Prompted by a project we ran in 2012 called The Little Book Adventure, this tea party will undoubtedly excite and engage the biggest of Charlie and Lola fans.
I love to provide meaningful and authentic learning experiences for my daughter, Cammy. Undertaking this particular project has honestly been one of the most wonderful experiences my daughter and I have shared together. I won’t lie though; the project required lots of time, effort, planning and patience. I think the following post will prove that the time and effort involved was well worth it though.
We set out to dine with a picture book character. Getting started and helping a pre-schooler understand the task was probably the most difficult part of the experience. I introduced the task to my avid little chef by asking Cammy if she’d like to create a special meal for a character from a book.
While reading a Charlie and Lola book that Cammy had personally chosen from the local library, Cammy announced that she’d like to invite Charlie and Lola to our house for afternoon tea. From that point the project just flowed and so did Cammy’s ideas for the afternoon tea.
The rich and real-life learning that took place during the week was absolutely phenomenal. Most importantly though, we had an amazing amount of fun in the process. I hope you find lots of inspiration from our week of wonderful experiences.
Writing and communicating:
We wrote a letter to Charlie and Lola inviting them to our house for an afternoon tea. [The use of images (symbols) to replace words helped Cammy to read the letter back to her dad. After all, that’s what alphabet letters are: symbols. Understanding that we gain information from symbols is one precursor to learning to read.]
Communication and understanding the postal system:
We posted the letter in the mailbox. (Cam was quite upset and confused that she had to wait for Charlie and Lola to receive their letter. She wanted the afternoon tea NOW and wasn’t initially impressed about the time it would take to prepare, shop and bake for the afternoon tea.)
Reading, comprehending and evaluating:
We read through the book numerous times trying to find clues that would help us work out what Charlie and Lola would enjoy eating.
Reading and understanding different text types:
We looked through our collection of children’s cookbooks for suitable recipes.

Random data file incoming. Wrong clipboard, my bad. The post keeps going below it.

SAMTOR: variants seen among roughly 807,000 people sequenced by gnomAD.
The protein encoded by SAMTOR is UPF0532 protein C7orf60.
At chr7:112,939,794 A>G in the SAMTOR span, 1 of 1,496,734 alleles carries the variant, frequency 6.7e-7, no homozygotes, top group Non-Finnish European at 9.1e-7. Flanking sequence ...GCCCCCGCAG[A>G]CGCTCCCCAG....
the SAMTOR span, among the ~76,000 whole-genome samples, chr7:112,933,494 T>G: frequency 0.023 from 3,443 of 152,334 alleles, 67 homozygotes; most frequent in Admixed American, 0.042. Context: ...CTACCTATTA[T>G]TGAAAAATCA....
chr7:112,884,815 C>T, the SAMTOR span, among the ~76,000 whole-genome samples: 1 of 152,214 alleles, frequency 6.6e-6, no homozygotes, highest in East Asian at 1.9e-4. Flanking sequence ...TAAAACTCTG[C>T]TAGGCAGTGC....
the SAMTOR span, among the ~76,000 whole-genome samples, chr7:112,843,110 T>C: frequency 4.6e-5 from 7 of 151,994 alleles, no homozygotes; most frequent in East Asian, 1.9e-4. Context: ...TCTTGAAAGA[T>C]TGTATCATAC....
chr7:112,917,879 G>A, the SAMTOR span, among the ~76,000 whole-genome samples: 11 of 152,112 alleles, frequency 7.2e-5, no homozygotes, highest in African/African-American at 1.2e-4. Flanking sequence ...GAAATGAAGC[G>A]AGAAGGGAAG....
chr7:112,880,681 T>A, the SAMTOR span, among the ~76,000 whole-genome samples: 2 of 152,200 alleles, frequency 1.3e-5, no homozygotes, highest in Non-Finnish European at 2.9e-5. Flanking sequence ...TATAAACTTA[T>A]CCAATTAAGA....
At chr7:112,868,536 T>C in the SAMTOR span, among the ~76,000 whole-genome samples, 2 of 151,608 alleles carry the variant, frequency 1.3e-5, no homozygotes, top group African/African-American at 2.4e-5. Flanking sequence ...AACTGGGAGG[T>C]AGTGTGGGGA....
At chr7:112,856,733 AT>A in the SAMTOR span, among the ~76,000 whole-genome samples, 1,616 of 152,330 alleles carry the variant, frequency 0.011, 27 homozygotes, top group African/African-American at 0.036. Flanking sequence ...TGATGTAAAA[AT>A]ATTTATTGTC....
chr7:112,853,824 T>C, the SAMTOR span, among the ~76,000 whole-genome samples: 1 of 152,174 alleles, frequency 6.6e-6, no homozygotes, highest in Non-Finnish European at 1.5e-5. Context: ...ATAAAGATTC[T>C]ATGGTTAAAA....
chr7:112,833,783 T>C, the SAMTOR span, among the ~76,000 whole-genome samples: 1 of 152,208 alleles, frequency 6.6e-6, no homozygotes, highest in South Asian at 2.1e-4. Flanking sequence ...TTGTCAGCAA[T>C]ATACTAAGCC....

Writing and planning:
Once we’d decided on the recipes, we wrote a shopping list. I created a shopping list with symbols for my Cammy to use when searching for the ingredients in the supermarket. [See notes about symbols above]
Reading and shopping:
We went shopping, keeping a record of our purchases.
Art, creativity and fine motor skills:
We made personalised placemats for Charlie, Lola and ourselves. Lauren Childs uses collage-style illustrations in her books, which made this activity perfect for our Charlie and Lola afternoon tea. I simply provided Cammy with a range of fabrics, patterned paper, photos and doilies.
Art, creativity and construction:
We created our own life-size Charlie and Lola paper dolls. So eager was Cammy for Charlie and Lola to come to our house, we needed to make them look as real as possible. I was thankful they worked. Cammy was smitten with her new friends and couldn’t stop giving them cuddles.
Reading, measuring and cooking:
We were busy in the kitchen, making Almond Crescent Biscuits (Little Kitchen –Around the World), Gingerbread Biscuits (Look and Cook) and Strawberry Smoothies (Women’s Weekly Healthy Babies)
We set the table
We sat down at the table. I thought I had ‘fooled’ Cam with the paper-dolls. But, she quickly declared, “We can’t start yet. We have to wait for the real Charlie and Lola to come. These ones are just pretend. ” We had a long talk about books, characters and pretending. Thankfully, she was satisfied in the end.
Dining etiquette, imagination, conversation and socialising and helping others:
We thoroughly enjoyed afternoon tea. Cam helped Lola to eat her gingerbread biscuit because, “she can’t lift her own hand.”